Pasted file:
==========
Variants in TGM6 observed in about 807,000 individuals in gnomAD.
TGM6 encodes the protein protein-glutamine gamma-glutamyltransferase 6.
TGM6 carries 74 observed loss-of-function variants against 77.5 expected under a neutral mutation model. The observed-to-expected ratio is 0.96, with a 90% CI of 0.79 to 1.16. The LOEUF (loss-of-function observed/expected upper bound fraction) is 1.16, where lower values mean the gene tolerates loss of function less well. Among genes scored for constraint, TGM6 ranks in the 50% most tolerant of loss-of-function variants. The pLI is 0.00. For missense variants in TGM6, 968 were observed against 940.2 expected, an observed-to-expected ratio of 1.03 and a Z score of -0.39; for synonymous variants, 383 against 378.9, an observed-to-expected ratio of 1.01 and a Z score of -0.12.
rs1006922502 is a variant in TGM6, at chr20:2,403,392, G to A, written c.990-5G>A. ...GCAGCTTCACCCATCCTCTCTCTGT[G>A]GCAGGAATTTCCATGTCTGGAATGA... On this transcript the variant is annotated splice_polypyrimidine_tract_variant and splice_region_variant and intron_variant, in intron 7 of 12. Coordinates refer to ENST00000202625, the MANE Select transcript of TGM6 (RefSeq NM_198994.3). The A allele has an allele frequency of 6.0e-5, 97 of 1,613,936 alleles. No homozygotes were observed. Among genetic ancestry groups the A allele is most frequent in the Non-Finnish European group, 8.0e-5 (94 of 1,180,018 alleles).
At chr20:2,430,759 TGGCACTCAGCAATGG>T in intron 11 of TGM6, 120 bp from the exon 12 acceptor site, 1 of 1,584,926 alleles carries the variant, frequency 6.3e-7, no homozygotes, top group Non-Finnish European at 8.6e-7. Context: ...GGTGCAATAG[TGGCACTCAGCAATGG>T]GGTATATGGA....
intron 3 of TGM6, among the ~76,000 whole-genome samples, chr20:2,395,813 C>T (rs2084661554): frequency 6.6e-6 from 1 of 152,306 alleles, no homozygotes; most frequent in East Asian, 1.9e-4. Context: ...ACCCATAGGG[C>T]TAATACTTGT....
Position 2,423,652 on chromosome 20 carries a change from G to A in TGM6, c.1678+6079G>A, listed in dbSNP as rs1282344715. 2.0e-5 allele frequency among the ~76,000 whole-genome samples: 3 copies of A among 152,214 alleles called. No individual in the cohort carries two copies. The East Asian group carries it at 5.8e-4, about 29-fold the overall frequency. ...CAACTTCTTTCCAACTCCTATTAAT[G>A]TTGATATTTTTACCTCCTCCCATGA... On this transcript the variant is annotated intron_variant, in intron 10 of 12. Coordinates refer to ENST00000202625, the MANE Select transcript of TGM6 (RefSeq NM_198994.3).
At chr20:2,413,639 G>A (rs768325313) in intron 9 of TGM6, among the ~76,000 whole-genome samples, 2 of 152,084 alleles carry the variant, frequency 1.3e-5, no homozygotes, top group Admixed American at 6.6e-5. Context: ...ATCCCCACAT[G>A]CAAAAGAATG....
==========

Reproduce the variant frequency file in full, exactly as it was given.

Variants in TGM6 observed in about 807,000 individuals in gnomAD.
TGM6 encodes the protein protein-glutamine gamma-glutamyltransferase 6.
TGM6 carries 74 observed loss-of-function variants against 77.5 expected under a neutral mutation model. The observed-to-expected ratio is 0.96, with a 90% CI of 0.79 to 1.16. The LOEUF (loss-of-function observed/expected upper bound fraction) is 1.16, where lower values mean the gene tolerates loss of function less well. Among genes scored for constraint, TGM6 ranks in the 50% most tolerant of loss-of-function variants. The pLI is 0.00. For missense variants in TGM6, 968 were observed against 940.2 expected, an observed-to-expected ratio of 1.03 and a Z score of -0.39; for synonymous variants, 383 against 378.9, an observed-to-expected ratio of 1.01 and a Z score of -0.12.
rs1006922502 is a variant in TGM6, at chr20:2,403,392, G to A, written c.990-5G>A. ...GCAGCTTCACCCATCCTCTCTCTGT[G>A]GCAGGAATTTCCATGTCTGGAATGA... On this transcript the variant is annotated splice_polypyrimidine_tract_variant and splice_region_variant and intron_variant, in intron 7 of 12. Coordinates refer to ENST00000202625, the MANE Select transcript of TGM6 (RefSeq NM_198994.3). The A allele has an allele frequency of 6.0e-5, 97 of 1,613,936 alleles. No homozygotes were observed. Among genetic ancestry groups the A allele is most frequent in the Non-Finnish European group, 8.0e-5 (94 of 1,180,018 alleles).
At chr20:2,430,759 TGGCACTCAGCAATGG>T in intron 11 of TGM6, 120 bp from the exon 12 acceptor site, 1 of 1,584,926 alleles carries the variant, frequency 6.3e-7, no homozygotes, top group Non-Finnish European at 8.6e-7. Context: ...GGTGCAATAG[TGGCACTCAGCAATGG>T]GGTATATGGA....
intron 3 of TGM6, among the ~76,000 whole-genome samples, chr20:2,395,813 C>T (rs2084661554): frequency 6.6e-6 from 1 of 152,306 alleles, no homozygotes; most frequent in East Asian, 1.9e-4. Context: ...ACCCATAGGG[C>T]TAATACTTGT....
Position 2,423,652 on chromosome 20 carries a change from G to A in TGM6, c.1678+6079G>A, listed in dbSNP as rs1282344715. 2.0e-5 allele frequency among the ~76,000 whole-genome samples: 3 copies of A among 152,214 alleles called. No individual in the cohort carries two copies. The East Asian group carries it at 5.8e-4, about 29-fold the overall frequency. ...CAACTTCTTTCCAACTCCTATTAAT[G>A]TTGATATTTTTACCTCCTCCCATGA... On this transcript the variant is annotated intron_variant, in intron 10 of 12. Coordinates refer to ENST00000202625, the MANE Select transcript of TGM6 (RefSeq NM_198994.3).
At chr20:2,413,639 G>A (rs768325313) in intron 9 of TGM6, among the ~76,000 whole-genome samples, 2 of 152,084 alleles carry the variant, frequency 1.3e-5, no homozygotes, top group Admixed American at 6.6e-5. Context: ...ATCCCCACAT[G>A]CAAAAGAATG....